Alpha Games by Bloc Party Album Review by Adam Williams for Northern Transmissions

BMG/Infectious

7

Bloc Party

Alpha Games

‘Alpha Games’ is Bloc Party’s sixth LP and the first with a 50% change to their original line-up, which sees Justin Harris taking up bass duties and Louise Bartle on drums, replacing Gordon Moakes and Matt Tong respectively. The record itself started taking shape once touring duties came to an end for fifth LP ‘Hymns’ and while the foursome revisited their debut album’s anniversary shows, as they played ‘Silent Alarm’ throughout 2019. The quartet’s newest body of work is one constructed around shifting sonics, marrying the band’s twitching post-punk, with electronica, hip-hop, R ‘n’ B and moments of introspective melancholy.

Thematically, the songs bristle with a provocative tension that encapsulates a very modern feeling of disharmony. When speaking to DIY, frontman Kele Okereke divulged the inspiration behind Bloc Party’s latest record “There’s a lot of conflict in the music. There’s a lot of people fucking each other over, people lying to each other, people manipulating each other. That is a kind of direct response to what I was seeing; we actually saw that happening all over the world in the last few years. It was quite an ugly time, and I think that has played into the music”. ‘Alpha Games’ certainly holds a mirror up to the present day and reflects back an image of the bitterness and dissonance that runs deep in nearly all facets of life, from vanity project politicians, toxic bear- baiting reality shows and the general day-to-day on social media.

With Bloc Party casting an eagle eye over matters socially and politically, it feels like there’s a strong emphasis to remain relevant and in the know – which doesn’t always hit the target. This can be attributed to some of Okereke’s turns of phrase and the way he accentuates certain words. It feels like slapping in the buzz words/phrases of ‘extra’, ‘gang-gang’ and so on, come across as trying a little too hard. Equally the observations of people getting hammered on nights out and inter-friendship group fracas present themselves as trivial rather than decadent and exciting. Also, sonically ‘Alpha Games’ doesn’t quite hit the dazzlingly heights of their earlier work, although there’s two things to consider here; Bloc Party have become victims of their own high watermark but they’ve still got the passion to keep things fresh, which is something to applaud. That all being said, the gang’s sixth addition to their discography contains a good chunk of tracks that complement their rich back catalogue and will slot in perfectly to their live shows. Opener ‘Day Drinker’ is a riotous curtain raiser and one that revs up and down the gears of Bloc Party’s more muscular take on art-rock. ‘By Any Means Necessary’ flexes the group’s penchant to meld dance and rock music a la ‘Flux’ and ‘Mercury’ and the same can be said for ‘Callum is a Snake’; a foray through fidgeting drum and bass verses and big,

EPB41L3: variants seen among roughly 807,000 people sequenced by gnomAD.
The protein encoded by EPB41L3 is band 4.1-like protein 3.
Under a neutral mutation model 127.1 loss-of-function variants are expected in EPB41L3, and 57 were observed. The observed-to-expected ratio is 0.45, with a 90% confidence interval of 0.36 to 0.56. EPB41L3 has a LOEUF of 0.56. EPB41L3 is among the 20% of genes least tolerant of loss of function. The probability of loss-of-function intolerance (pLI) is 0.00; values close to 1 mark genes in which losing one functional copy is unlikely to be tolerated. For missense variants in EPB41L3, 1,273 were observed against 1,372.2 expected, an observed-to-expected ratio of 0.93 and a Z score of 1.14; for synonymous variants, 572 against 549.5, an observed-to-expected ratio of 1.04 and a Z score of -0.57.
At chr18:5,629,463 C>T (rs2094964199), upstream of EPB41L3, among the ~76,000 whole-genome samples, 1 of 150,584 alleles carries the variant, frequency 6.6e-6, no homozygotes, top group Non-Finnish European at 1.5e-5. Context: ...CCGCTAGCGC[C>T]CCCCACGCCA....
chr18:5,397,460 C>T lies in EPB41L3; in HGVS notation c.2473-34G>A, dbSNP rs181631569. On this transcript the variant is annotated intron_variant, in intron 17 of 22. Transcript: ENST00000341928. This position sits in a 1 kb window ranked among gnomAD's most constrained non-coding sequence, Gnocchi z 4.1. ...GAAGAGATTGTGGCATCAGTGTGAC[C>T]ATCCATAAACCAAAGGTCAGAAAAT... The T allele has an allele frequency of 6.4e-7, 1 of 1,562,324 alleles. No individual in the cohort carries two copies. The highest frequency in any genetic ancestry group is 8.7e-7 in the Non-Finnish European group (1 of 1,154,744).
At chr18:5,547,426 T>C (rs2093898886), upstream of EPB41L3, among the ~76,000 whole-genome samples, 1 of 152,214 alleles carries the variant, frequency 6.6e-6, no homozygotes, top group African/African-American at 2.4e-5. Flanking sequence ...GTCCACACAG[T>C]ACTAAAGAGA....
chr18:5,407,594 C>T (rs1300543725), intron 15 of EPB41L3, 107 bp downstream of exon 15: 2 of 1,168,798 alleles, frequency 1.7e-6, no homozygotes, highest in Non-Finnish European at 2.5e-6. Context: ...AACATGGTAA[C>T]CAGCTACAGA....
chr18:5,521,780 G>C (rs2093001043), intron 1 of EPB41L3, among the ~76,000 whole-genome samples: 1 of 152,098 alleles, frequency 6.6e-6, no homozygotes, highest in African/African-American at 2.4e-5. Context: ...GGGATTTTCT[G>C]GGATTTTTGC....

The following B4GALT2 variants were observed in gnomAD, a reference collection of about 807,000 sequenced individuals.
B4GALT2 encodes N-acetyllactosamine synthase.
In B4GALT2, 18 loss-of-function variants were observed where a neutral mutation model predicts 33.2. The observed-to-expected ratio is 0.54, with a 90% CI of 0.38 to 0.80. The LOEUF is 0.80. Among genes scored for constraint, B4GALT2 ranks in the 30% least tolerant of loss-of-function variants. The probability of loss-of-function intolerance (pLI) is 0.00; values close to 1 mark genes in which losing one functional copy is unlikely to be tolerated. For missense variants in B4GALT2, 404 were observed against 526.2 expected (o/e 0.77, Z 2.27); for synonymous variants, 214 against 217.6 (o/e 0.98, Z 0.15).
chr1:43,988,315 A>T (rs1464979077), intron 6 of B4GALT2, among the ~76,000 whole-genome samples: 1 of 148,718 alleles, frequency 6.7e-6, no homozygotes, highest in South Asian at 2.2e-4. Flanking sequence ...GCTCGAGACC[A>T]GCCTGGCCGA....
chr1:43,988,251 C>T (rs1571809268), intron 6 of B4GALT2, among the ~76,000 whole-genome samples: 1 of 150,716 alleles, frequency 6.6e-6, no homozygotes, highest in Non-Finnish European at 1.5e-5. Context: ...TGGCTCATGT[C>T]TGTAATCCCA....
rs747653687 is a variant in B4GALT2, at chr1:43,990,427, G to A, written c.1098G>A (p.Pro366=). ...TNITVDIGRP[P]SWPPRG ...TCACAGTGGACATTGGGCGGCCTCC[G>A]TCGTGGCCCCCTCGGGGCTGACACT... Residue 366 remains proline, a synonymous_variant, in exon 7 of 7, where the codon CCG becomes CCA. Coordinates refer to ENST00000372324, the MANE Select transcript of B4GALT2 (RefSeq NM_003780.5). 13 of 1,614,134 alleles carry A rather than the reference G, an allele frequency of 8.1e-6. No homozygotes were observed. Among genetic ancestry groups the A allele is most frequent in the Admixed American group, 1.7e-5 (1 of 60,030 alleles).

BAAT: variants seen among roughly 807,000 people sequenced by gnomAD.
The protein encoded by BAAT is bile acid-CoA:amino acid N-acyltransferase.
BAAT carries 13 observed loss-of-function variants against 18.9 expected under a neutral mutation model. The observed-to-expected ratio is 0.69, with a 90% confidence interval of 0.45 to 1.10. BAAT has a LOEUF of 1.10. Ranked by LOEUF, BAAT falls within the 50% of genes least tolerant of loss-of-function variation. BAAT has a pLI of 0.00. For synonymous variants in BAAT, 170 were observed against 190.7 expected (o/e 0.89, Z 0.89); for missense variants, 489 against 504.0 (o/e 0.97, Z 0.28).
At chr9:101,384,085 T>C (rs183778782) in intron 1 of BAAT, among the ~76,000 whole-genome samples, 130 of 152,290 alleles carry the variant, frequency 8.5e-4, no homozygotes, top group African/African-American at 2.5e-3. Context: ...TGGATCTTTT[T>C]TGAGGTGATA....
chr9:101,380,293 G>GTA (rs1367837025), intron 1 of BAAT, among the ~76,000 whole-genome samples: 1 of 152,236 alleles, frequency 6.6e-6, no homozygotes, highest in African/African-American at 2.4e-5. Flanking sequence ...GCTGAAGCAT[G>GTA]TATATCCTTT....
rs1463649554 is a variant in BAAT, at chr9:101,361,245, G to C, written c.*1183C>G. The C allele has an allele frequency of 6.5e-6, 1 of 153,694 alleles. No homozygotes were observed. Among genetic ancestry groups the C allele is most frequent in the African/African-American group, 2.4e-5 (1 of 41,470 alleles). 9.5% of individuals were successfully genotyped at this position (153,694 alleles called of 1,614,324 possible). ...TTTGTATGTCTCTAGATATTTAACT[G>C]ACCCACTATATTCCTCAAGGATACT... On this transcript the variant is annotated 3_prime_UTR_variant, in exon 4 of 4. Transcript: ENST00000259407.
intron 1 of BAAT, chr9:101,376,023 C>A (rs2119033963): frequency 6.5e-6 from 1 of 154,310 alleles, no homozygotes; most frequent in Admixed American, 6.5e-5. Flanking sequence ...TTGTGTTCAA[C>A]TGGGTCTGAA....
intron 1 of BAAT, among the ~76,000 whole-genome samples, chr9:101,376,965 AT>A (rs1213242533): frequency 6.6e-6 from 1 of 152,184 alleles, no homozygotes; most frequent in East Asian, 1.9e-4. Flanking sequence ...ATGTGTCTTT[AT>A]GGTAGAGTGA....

anthemic choruses. In addition, ‘Traps’ and ‘The Girls Are Fighting’ both bear a healthy set of fangs, giving ‘Alpha Games’ a playful yet acidic bite.

Like all good bands, Bloc Party operate in multiple dimensions – they’re not just about the rabblerousing, which is attested by ‘Of Things Yet To Come’s tender persona. Via chiming guitars, a steady beat and Okereke’s bruised vocals, the frontman guides us through a tale of vulnerability and being let down by those closest to him “the pills don’t cure/they keep at bay/instead of black/my days are grey”. ‘If We Get Caught’ opts for a ‘I Still Remember’-esque mid-paced summery meander through airy verses and cooing backing vocals. There’s a sense of unity and strength as Okereke chimes “where you go/I will go”, like it’s him and his trusted confidant against the world. ‘Alpha Games’ is capped off by the withdrawn ‘The Peace Offering’, a song that sounds like it was captured by candlelight. There’s something rather pertinent in the way Okereke’s spoken word delivery muses “the first thing I lost was belief in the system/but in the end/the system always wins” with no trace of anger in his voice whatsoever. It’s as if he’s come to terms with being lied to over and over again by those in power, with the realisation there’s nothing us little people can do about it. Although the discordant burst of noise at the song and album’s death might suggest otherwise.

They say we become products of our environment and while Okereke states ‘Alpha Games’ was born out of “an ugly time”, Bloc Party’s new album is anything but ugly, although it’s not an example of beauty either – it’s somewhere in-between.

Pre-order Alpha Games by Bloc Party HERE